At first, Kvashuk bought an Office subscription and a couple of graphics cards. But when no one objected to those small purchases, he grew much bolder. In late 2017 and early 2018, he stole millions of dollars worth of Microsoft store credit and resold it online for bitcoin, which he then cashed out using Coinbase.US prosecutors say he netted at least $2.8 million, which he used to buy a $160,000 Tesla and a $1.6 million waterfront home (his proceeds were less than the value of the stolen credit because he had to sell at a steep discount).
Kvashuk made little effort to cover his tracks for his earliest purchases. But as his thefts got bigger, he took more precautions. He used test accounts that had been created by colleagues for later thefts. This was easy to do because the testers kept track of test account credentials in a shared online document. He used throwaway email addresses and began using a virtual private networking service.
Before cashing out the bitcoins, he sent them to a mixing service in an attempt to hide their origins. Kvashuk reported the bitcoin windfall to the IRS but claimed the bitcoins had been a gift from his father.
But the government's complaint included quite a bit of evidence linking Kvashuk to the crime.
He sometimes used the same VPN connection—and hence the same IP address—to access different accounts, allowing investigators to draw connections between his known accounts and those used for later thefts. Device fingerprinting techniques also provided circumstantial evidence linking Kvashuk to the larger heists.The feds also argued that the timing of Kvashuk's sudden bitcoin wealth was suspicious. "The value of the bitcoin deposits to Kvashuk's Coinbase account generally correlated with the value of the purchased and redeemed [Microsoft credit]," the government argued.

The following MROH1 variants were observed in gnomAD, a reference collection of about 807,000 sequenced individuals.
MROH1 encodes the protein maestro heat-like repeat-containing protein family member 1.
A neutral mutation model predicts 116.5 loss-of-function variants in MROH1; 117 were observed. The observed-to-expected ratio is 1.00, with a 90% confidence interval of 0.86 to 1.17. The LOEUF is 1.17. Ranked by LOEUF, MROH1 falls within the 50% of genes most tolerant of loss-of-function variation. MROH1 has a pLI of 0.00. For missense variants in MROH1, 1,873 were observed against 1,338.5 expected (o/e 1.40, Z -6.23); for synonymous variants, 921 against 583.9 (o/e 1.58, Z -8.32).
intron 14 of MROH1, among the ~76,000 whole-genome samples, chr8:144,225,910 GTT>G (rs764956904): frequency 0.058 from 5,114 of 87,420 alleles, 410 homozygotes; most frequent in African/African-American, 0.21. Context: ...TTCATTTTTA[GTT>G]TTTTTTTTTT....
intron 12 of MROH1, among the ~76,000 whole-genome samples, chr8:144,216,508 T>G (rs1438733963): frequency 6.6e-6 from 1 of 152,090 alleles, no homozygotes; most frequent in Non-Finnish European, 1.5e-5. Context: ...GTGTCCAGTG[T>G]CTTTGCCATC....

A jury found the government's arguments convincing and convicted Kvashuk on several counts in February."Stealing from your employer is bad enough, but stealing and making it appear that your colleagues are to blame widens the damage beyond dollars and cents," US attorney Brian Moran said in a press release. Kvashuk was convicted of "five counts of wire fraud, six counts of money laundering, two counts of aggravated identity theft, two counts of filing false tax returns, and one count each of mail fraud, access device fraud, and access to a protected computer in furtherance of fraud," the government wrote.
Kvashuk has been ordered to pay $8.3 million in restitution, though it seems unlikely he'll ever be able to do that. The government says he may be deported after serving his time in prison.
This story originally appeared on Ars Technica.
The attackers returned with a new BEC that took a different tack: instead of tricking targets into logging in to lookalike sites, and consequently divulging the passwords, the scam used emails that instructed the recipient to give what was purported to be a Microsoft app access to an Office 365 account.
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